Community

No plans to slow down as ‘firecracker’ turns 100

At 97 years old, Langley’s Dorscie Paterson enjoyed a horse ride with her granddaughter in the Interior. The super volunteer turns 100 on Jan. 25. -
At 97 years old, Langley’s Dorscie Paterson enjoyed a horse ride with her granddaughter in the Interior. The super volunteer turns 100 on Jan. 25.
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“I just got out the Old English polish and I’m going to be dusting, so knock loud so I don’t miss you,” said 99-year-old Dorscie Paterson last Wednesday.

Nailing down a day to interview this busy senior is a challenge. The Langley Hospice volunteer always has something on the go.

On the upcoming Robbie Burns Day (Jan. 25), Paterson will turn 100 years old. Haggis is not likely on the menu, she laughed.

The retired teacher still gets ID’d, but at this time in her life it’s from people doubting that this spry senior is really nearly 100.

As for becoming a centenarian, she dismisses the hoopla.

“It’s just a number,” she said with a wave of the hand.

“I went for my physical for my driver’s licence last week and my doctor said the Motor Vehicle Branch is probably going to think you bribed me,” she said with a hearty laugh.

“I feel good.”

It was just a few years ago, at 97, that she went horseback riding with her granddaughter and great-granddaughter in the Interior. A framed picture of the outing hangs in her hallway.

So how do you celebrate 100 years on this Earth?

“I haven’t planned a thing,” said Paterson. “I’ll leave that to my family.”

She did buy herself a new riding mower in October and, yes, she plans to mow her huge lawn herself.

“Of course. Why wouldn’t I?” she said.

Perhaps the secret to a long, healthy life is her “can-do” attitude.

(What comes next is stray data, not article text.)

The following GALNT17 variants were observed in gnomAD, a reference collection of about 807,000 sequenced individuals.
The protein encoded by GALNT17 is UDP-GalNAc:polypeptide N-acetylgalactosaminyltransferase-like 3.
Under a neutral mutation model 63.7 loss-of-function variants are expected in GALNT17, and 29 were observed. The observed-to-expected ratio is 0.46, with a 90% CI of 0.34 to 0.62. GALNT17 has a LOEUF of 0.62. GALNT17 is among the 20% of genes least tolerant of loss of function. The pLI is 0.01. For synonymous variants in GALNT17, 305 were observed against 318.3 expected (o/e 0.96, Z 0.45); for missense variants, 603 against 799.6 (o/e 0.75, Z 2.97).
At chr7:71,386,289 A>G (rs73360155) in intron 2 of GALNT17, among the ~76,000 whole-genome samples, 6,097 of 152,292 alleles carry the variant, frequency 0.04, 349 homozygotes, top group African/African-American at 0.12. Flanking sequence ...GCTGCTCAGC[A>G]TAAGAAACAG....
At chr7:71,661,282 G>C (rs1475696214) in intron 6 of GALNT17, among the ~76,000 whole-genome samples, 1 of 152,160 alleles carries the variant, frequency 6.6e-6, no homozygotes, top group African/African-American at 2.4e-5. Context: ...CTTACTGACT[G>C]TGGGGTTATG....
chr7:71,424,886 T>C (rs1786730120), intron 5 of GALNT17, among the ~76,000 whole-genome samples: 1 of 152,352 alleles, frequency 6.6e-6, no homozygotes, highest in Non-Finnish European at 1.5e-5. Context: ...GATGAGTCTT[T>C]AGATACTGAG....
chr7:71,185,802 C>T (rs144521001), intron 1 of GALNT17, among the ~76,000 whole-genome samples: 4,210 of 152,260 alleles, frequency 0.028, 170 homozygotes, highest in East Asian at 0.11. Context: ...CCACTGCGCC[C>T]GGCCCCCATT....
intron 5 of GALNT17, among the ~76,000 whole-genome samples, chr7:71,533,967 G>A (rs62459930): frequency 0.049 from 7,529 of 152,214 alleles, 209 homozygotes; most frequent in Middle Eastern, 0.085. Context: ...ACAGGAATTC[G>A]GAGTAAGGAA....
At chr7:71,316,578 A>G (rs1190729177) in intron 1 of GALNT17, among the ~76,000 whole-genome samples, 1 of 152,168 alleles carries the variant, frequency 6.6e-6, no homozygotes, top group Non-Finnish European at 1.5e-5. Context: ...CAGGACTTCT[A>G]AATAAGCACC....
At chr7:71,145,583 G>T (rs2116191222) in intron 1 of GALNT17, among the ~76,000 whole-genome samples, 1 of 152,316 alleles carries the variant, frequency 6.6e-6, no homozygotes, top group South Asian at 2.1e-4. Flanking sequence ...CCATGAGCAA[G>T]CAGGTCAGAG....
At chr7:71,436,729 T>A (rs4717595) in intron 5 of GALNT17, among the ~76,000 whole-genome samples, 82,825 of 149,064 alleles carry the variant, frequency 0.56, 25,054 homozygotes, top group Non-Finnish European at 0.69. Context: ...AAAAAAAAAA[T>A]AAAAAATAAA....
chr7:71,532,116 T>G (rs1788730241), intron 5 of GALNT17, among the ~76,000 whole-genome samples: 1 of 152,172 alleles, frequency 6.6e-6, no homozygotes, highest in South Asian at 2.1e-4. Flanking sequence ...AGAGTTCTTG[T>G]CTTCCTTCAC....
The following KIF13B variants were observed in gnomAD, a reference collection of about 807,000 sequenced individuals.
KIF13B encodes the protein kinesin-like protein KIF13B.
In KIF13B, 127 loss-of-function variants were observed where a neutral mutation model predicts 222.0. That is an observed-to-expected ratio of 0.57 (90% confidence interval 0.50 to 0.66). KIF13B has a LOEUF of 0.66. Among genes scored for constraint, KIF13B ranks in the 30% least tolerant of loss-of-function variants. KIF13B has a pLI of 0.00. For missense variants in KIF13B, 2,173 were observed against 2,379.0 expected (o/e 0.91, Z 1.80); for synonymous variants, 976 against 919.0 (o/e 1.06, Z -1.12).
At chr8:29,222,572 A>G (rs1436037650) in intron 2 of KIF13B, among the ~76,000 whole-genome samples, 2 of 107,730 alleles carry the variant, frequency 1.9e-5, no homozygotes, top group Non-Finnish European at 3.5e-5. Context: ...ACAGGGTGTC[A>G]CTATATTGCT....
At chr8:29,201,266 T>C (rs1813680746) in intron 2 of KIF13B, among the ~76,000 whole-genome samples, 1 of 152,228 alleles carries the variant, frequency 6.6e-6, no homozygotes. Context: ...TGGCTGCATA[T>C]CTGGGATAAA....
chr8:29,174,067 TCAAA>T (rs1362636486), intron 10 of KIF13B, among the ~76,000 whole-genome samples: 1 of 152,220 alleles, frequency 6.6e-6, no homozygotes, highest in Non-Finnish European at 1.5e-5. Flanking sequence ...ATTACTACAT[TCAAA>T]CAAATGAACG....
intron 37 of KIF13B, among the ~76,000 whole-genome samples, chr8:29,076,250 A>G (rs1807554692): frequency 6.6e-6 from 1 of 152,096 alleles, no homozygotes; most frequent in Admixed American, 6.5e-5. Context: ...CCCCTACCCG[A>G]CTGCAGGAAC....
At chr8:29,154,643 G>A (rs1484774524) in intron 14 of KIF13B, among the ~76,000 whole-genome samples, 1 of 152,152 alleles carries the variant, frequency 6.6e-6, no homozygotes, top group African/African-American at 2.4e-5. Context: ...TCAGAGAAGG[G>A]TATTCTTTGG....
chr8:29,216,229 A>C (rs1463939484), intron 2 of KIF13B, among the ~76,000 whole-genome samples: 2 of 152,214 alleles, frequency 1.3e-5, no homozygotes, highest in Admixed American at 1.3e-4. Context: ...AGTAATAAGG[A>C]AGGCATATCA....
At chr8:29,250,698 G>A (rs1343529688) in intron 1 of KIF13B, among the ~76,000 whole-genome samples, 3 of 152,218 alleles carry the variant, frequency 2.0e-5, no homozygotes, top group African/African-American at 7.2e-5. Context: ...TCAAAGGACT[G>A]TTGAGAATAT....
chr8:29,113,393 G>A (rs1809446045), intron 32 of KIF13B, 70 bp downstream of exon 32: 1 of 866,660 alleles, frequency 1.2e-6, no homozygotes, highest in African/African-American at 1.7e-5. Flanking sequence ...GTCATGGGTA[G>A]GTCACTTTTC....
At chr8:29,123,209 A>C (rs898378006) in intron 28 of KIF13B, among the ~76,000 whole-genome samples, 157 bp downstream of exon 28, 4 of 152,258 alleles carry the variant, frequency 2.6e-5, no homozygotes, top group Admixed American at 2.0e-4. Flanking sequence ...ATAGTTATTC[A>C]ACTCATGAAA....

She thinks a key ingredient is “keeping busy.”

“Not busy doing housework but busy being productive. Each day learn something. Do different things, help your fellow man,” she said.

Judging from all the awards of appreciation and certificates of thanks for her volunteering, it’s obvious helping others and giving of her time is a key component to who Paterson is.

Every week for the past 31 years, she can be found volunteering at the Langley Hospice, offering support and care for dying patients and their families.

She is one of the founding members of hospice in Langley and fought hard to get the society where it is today. She is active on both Langley Hospice boards.

When you ask people about Dorscie Paterson, they respond that she is “a doer.” She is a firecracker, with a positive attitude and a passion for people.

She has more awards and medals than she has wall space for, in her quaint acreage home which is located near the new development in Willoughby.

When she turns 100, she will be adding another certificate from the Queen to her wall.

Last March, she received the Women of Excellence award from the International Women’s Day committee, for all the volunteering she does.

She has also received the Governor General’s Caring Canadian Award in Victoria in recognition of all her charity work.

There’s also several awards from the Lions Club and the Hospice Society.

Always up on the latest news, Paterson is a bit of an activist, too — a raging granny if you will.

In 2000, she gained the attention of several high-profile politicians and media outlets from around the country, when she turned off the heat in her home for a month during a particular cold snap, to protest the rising costs of [then] Terasen Gas.

She said she was fighting for seniors across B.C. who couldn’t afford to heat their homes. She started a letter writing campaign and gathered thousands of signatures and sent them to the B.C. government.

In the last provincial election, she volunteered with MLA Mary Polak’s campaign, and she may get involved this year with MLA Rich Coleman.

A long-time member of the Salvation Army church, Paterson said she recently wrote her great-grandchildren a letter and told them to keep it and look at it from time to time.

“I wrote them that there are 10 rules to follow in life. They are easy, common sense rules. I told them that if they follow that, they can honestly stand up with pride in who they are and say they did their best in this world,” she said.

“It’s the 10 Commandments — don’t cheat, don’t lie, common sense living.”

Raised by a single mom who became the first female member of the West Vancouver Chamber of Commerce, she learned from her mother the ethics of working hard and achieving as much as you can.

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